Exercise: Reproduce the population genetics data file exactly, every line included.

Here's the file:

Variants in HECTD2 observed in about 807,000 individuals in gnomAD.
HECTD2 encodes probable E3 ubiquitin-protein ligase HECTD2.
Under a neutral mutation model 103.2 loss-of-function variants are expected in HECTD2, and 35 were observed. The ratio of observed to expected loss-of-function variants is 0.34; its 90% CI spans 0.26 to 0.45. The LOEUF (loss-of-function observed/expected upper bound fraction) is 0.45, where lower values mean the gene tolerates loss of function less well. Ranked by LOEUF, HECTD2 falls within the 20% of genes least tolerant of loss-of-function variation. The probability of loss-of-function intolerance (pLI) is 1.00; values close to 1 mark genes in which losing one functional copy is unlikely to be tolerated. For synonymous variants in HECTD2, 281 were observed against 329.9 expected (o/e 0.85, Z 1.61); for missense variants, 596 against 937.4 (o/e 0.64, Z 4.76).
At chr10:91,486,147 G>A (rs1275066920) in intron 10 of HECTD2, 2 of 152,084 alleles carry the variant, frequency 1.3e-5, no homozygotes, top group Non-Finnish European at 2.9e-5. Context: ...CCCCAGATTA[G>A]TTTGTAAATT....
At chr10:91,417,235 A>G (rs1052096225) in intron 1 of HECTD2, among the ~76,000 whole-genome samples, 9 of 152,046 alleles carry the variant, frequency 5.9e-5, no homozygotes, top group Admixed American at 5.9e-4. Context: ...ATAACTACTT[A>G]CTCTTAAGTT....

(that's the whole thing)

Variants in HECTD2 observed in about 807,000 individuals in gnomAD.
HECTD2 encodes probable E3 ubiquitin-protein ligase HECTD2.
Under a neutral mutation model 103.2 loss-of-function variants are expected in HECTD2, and 35 were observed. The ratio of observed to expected loss-of-function variants is 0.34; its 90% CI spans 0.26 to 0.45. The LOEUF (loss-of-function observed/expected upper bound fraction) is 0.45, where lower values mean the gene tolerates loss of function less well. Ranked by LOEUF, HECTD2 falls within the 20% of genes least tolerant of loss-of-function variation. The probability of loss-of-function intolerance (pLI) is 1.00; values close to 1 mark genes in which losing one functional copy is unlikely to be tolerated. For synonymous variants in HECTD2, 281 were observed against 329.9 expected (o/e 0.85, Z 1.61); for missense variants, 596 against 937.4 (o/e 0.64, Z 4.76).
At chr10:91,486,147 G>A (rs1275066920) in intron 10 of HECTD2, 2 of 152,084 alleles carry the variant, frequency 1.3e-5, no homozygotes, top group Non-Finnish European at 2.9e-5. Context: ...CCCCAGATTA[G>A]TTTGTAAATT....
At chr10:91,417,235 A>G (rs1052096225) in intron 1 of HECTD2, among the ~76,000 whole-genome samples, 9 of 152,046 alleles carry the variant, frequency 5.9e-5, no homozygotes, top group Admixed American at 5.9e-4. Context: ...ATAACTACTT[A>G]CTCTTAAGTT....